While I am not sure I can do a good job explaining NameSpaces, I would suggest this FAQ which maybe helpful...http://www.rpbourret.com/xml/NamespacesFAQ.htm Trust me I have some trouble understanding it myself. regds. - satya
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The text Madhav pointed to has the best known for today explanations on namespaces in general. However, in your case there is some specifics. xmlns:xsl="http://www.w3.org/1999/XSL/Transform" here you tell the XSLT processor that all element with xsl prefix are XSLT elements and shold be dealt as such, i.e. executed xmlns:osw="http://xml.orbital.co.uk/organik/ui-data" Your XSLT probably has some elements with osw prefix. These will be copied into output as is, but you have to declare prefix to make XSLT processor happy. xmlns:customisation="xalan://com.orbitalsw.customisation.stdclient.XalanClient" extension-element-prefixes="customisation"> here you declare prefix for so-called extension elements: they are not standard XSLT elements, but elements supported by certain XSLT processor (Xalan in your case). They will be executed like "normal" XSLT elements, but if you run your stylesheet with another XSLT processor, most likely they will not work. [This message has been edited by Mapraputa Is (edited August 08, 2001).]
Hello I am myself new in XML. But whatever I have understood from Namespaces I `ll try to tell in lucid language. When you use , say in xsl, tags like <xsl:value-of select..>. How is it known first of all that there does exist a tag like value-of, (associated with xsl) and if does, what should be interpreted by it, i.e what is it supposed to do??? Herein comes the Namespaces. When you write:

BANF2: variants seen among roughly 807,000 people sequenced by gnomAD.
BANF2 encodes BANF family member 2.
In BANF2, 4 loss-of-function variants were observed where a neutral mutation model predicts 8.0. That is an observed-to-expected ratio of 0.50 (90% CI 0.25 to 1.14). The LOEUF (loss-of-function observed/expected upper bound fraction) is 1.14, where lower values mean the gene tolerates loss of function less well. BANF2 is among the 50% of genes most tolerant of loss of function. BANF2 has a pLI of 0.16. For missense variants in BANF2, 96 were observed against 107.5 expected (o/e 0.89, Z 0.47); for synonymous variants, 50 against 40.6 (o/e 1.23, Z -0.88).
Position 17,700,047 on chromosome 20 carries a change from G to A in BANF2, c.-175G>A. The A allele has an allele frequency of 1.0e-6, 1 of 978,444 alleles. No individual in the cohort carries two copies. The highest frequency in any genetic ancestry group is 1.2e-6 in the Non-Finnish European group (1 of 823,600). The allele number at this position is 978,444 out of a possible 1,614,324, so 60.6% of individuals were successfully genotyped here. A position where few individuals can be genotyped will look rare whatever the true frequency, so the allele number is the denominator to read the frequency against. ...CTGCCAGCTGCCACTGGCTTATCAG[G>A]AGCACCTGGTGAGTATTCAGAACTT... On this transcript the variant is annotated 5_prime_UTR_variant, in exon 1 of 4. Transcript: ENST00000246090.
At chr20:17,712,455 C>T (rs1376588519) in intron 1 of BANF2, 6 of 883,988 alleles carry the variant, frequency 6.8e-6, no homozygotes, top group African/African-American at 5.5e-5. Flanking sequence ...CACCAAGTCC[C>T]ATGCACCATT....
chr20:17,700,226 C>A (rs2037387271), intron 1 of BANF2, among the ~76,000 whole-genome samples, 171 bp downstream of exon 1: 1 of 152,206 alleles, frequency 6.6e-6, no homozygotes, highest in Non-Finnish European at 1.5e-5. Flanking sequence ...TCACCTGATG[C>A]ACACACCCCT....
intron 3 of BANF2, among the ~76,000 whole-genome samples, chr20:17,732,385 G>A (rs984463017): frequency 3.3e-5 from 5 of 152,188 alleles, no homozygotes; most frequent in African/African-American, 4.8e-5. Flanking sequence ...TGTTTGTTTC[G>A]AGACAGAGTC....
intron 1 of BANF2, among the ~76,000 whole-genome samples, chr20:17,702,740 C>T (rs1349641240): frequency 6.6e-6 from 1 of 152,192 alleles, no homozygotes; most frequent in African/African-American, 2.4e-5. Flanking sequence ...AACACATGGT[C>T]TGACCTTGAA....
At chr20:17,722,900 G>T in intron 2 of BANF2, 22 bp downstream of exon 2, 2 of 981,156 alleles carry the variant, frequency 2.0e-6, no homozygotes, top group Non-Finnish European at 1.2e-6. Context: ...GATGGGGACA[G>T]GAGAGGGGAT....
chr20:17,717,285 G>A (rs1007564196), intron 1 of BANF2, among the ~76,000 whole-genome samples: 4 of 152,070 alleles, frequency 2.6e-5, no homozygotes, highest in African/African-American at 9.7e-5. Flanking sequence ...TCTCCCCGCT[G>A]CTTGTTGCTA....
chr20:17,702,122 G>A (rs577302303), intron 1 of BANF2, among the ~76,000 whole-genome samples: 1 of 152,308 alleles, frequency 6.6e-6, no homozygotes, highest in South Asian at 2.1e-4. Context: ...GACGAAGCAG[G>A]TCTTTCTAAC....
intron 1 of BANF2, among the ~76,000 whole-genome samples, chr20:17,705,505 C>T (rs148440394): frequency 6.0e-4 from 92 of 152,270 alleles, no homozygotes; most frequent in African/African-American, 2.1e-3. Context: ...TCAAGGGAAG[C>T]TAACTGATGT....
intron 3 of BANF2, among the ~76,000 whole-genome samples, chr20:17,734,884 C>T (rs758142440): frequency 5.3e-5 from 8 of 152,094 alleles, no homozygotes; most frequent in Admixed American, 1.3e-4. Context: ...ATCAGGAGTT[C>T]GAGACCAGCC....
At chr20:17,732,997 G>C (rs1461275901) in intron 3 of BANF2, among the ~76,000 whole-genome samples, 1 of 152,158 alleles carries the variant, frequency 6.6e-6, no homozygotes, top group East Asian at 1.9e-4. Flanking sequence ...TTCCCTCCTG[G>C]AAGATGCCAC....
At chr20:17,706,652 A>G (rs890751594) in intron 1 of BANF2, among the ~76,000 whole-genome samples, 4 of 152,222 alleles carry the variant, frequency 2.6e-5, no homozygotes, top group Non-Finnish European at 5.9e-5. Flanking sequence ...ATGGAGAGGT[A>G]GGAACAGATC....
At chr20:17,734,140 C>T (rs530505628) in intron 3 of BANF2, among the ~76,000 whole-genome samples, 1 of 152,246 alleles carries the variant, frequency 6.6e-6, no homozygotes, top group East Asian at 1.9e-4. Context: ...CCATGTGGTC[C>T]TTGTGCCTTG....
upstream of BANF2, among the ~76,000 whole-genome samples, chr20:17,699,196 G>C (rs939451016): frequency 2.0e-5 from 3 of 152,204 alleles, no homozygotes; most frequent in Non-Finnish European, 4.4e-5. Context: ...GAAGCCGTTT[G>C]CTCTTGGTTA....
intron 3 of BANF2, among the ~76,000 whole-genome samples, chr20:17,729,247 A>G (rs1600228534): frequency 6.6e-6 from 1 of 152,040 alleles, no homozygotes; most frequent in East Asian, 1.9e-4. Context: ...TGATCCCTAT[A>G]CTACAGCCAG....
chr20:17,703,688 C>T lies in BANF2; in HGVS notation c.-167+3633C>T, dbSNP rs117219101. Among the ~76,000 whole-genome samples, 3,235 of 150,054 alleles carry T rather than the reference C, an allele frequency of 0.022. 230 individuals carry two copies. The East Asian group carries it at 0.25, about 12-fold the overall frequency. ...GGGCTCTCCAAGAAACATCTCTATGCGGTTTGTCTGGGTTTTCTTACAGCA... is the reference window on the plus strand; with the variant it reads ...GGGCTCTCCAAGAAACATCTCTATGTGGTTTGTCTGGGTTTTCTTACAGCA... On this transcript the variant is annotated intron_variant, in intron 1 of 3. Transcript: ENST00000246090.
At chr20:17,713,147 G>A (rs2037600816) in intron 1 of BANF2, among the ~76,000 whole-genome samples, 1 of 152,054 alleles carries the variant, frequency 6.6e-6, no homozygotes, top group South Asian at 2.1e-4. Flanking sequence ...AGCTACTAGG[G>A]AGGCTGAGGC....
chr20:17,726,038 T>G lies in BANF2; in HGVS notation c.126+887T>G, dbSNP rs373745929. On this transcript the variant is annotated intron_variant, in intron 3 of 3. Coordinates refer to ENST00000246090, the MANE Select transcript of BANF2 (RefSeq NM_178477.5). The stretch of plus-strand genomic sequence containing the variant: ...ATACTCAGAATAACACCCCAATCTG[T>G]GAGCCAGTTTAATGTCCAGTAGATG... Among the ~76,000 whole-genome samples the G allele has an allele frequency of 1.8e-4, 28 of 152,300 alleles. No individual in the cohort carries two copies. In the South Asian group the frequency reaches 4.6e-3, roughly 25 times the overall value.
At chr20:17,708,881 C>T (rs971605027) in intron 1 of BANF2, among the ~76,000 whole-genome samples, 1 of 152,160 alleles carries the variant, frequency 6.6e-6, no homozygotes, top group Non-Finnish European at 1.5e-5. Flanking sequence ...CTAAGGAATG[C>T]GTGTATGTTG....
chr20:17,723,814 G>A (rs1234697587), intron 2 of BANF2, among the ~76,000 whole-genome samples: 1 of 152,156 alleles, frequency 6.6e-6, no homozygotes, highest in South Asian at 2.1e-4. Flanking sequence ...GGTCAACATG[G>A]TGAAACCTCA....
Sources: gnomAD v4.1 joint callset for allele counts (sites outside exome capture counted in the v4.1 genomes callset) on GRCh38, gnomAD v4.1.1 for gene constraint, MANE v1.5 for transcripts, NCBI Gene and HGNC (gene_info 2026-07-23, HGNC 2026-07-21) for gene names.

It means that the tag belongs to xsl and what is to be interpreted from it is given at : http://www.w3.org/1999/XSL/Transform"... and so on I would request the experts to please enhance our knowledge by adding their comments \ correction to this. Thanks, Regards,
posted 18 years ago
Thanks, all of you. Will go thru the FAQ suggested by Madhav.
Namespaces are a simple and straightforward way to distinguish names used in XML documents, no matter where they come from. Here's a tiny sample of what we might do:
In this example, the elements prefixed with xdc are associated with a namespace whose name is http://www.xml.com/books, while those prefixed with h are associated with a namespace whose name is http://www.w3.org/HTML/1998/html4. The prefixes are linked to the full names using the attributes on the top element whose names begin. xmlns:. The prefixes don't mean anything at all - they are just shorthand placeholders for the full names. Those full names, you will have noticed, are URLs, i.e. Web addresses. One of the confusing things about all this is that namespace names are URLs; it's easy to assume that since they're Web addresses, they must be the address of something. They're not; these are URLs, but the namespace draft doesn't care what (if anything) they point at. Think about the example of the XML.com programmer looking for book titles; that works fine without the namespace name pointing at anything. The reason that the W3C decided to use URLs as namespace names is that they contain domain names (e.g. www.xml.com), which work globally across the Internet.